Out to Lunch: Honeymooners dine on Market Square munchies

-A A +A
By Bethel Poston

This “Out to Lunch” article is about an adventure my wife Carol and I enjoyed at the Market Square and downtown Knoxville.

Some readers know that Carol and I ran off to Georgia to get married on my 18th birthday and her 17th birthday – Sept. 15.

We didn’t have any money for a honeymoon.  Every year since then, we have got away for a day or two, to have belated honeymoons.

When our kids asked what we wanted for our birthday/anniversary this year – we told them we were going to stay a few nights at The Oliver Hotel on Market Square in Knoxville to renew old memories and eat at several downtown restaurants.

We receive several restaurants gift certificates from them, which we used to enjoy the restaurants and food on our adventure.

The Boutique Hotel Oliver is in an 1876 building that originally housed the Peter Kern Bakery.

Our second-story room at The Hotel Oliver overlooked Market Square, with a view of Café 4 across the square.

In 1956, I sold shoes part-time on Gay Street while a student at the University of Tennessee. Carol was secretary to the housewares buyer at Miller’s Department Store on Gay Street.

Going out the back of Miller’s and crossing an alley, you could go in the back of Miller’s Annex. The Annex’s front entrance faced the former Farmers Market Square Building.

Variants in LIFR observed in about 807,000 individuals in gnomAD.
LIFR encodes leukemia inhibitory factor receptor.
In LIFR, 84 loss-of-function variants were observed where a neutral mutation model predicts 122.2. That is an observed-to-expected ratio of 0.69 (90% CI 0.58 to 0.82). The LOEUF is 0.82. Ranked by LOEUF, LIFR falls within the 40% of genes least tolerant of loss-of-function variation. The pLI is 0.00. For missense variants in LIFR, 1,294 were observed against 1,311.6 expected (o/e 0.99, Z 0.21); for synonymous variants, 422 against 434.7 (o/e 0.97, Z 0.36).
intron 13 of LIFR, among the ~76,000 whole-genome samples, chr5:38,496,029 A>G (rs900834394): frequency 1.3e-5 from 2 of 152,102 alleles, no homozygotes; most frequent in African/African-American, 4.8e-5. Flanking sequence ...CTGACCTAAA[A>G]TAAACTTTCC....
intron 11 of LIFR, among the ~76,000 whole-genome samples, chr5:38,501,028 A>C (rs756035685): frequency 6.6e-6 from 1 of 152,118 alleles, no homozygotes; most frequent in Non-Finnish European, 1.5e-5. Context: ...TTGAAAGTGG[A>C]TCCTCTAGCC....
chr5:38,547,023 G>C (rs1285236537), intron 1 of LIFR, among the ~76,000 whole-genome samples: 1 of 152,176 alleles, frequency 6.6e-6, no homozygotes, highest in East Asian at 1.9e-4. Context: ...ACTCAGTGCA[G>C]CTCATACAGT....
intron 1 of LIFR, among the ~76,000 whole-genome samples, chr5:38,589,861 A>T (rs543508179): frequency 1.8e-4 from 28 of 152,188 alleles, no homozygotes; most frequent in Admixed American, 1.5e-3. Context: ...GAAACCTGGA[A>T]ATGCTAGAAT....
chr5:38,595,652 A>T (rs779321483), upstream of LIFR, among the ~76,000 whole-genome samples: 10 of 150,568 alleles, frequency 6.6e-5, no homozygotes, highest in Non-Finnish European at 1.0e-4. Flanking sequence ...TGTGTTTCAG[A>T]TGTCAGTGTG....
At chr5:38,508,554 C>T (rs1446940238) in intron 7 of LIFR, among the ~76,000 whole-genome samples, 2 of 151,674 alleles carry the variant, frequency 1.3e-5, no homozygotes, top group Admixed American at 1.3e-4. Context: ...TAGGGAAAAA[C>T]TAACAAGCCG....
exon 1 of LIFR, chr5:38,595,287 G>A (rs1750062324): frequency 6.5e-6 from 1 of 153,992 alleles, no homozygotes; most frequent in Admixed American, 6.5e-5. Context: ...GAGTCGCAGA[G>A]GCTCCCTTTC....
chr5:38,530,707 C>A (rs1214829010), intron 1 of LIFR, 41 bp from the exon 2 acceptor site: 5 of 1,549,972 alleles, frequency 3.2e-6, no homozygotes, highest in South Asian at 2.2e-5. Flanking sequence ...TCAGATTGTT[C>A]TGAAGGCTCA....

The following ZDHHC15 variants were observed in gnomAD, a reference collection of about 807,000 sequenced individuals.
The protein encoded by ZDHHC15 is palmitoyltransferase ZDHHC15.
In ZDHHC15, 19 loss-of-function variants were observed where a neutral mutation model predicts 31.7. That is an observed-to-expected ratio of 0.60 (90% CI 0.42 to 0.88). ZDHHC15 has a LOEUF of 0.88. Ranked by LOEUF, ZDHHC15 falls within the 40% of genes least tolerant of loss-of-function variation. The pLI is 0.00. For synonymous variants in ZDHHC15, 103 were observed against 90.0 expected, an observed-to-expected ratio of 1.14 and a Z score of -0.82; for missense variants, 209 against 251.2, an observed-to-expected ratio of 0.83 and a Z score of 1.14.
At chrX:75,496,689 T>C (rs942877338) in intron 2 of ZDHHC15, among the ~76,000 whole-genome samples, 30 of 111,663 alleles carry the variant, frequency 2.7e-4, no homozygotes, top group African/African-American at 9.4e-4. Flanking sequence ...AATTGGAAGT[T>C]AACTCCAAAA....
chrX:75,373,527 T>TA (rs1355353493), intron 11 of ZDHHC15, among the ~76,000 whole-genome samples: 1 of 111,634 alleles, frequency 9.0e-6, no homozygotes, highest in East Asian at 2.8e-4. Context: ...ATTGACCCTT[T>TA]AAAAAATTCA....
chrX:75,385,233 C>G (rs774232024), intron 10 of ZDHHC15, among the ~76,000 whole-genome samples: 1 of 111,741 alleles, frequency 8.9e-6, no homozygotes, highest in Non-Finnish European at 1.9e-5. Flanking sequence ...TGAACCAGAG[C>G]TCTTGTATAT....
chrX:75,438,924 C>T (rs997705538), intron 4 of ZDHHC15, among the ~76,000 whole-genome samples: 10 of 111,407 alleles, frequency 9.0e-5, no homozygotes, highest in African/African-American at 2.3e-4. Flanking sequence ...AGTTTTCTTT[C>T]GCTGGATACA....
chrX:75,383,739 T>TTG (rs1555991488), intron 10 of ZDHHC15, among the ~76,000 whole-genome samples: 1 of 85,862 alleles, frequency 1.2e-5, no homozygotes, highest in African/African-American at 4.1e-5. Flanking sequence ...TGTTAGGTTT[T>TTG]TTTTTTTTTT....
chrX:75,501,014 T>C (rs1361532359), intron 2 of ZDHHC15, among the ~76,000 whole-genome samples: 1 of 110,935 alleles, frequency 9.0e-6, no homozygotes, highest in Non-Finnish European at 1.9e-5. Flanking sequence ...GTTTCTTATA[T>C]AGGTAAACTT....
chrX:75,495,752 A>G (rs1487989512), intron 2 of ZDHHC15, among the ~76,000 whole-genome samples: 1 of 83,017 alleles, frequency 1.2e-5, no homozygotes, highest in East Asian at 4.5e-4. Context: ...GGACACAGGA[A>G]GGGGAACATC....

The Annex occupied a building next door to Café 4 on Market Square, the first stop on this adventure.

We sat on the outdoor patio, with a view of all the activity on Market Square. 

Carol chose lobster BLT flatbread from he small-plate section of the menu. The lobster, applewood bacon, smoked tomatoes, Dijon creams, smoked Gouda and field greens were served on flatbread.

“It really tastes great, but I thought they brought me a pizza,” she said,

From my 2008 “Out to Lunch” article on Café 4, I found that she had a crab cake sandwich, garnished with tomato, lettuce and black pepper aioli.

My selection, tomato duet, was a large, delicious sourdough sandwich of fried green tomatoes, tomato jam, pimento cheese and bacon. Of course, Carol had to help me by eating some of my homemade fries.

Café 4’s blue-plate special changes daily. In my 2008 articlem I wrote: “The chicken cordon bleu with whipped potatoes and buttered green beans was a very satisfying choice for me.”

We were impressed that the couple next to us both ate all of their, labeled Large, salads.

Check out  www.4marketsquare.com for a complete menu, and special activities.

One of our gift certificates was for the Tupelo Honey Restaurant. It was like going downstairs to eat at home; our hotel room was directly over Tupelo Honey.

With the weather being so nice, we again chose to sit on Tupelo Honey’s outdoor patio. That added to our enjoyment of Market Square. We were able to see all the folks strolling around the square, checking out vendors and eating at other restaurants. 

We heard a strolling violin player, a five-piece brass band, and other musicians around the square. Some music we could pleasantly hear from our room.

In my 2013 “Out To Lunch” article on Tupelo Honey, I wrote: Because of Carol’s fondness of shrimp, I wasn’t surprised when she ordered “When Shrimp Met Taco. It’s described on the menu as two soft flour tortillas, filled with the perfect marriage of flash-fried, juicy shrimp, julienned Swiss chard, our house-made smoked jalapeno aioli and made-on-site Sunshot Salsa.’”

I always thought a po’boy was made with fish, so when I saw a roast beef po’boy on the menu, I had to give it a try.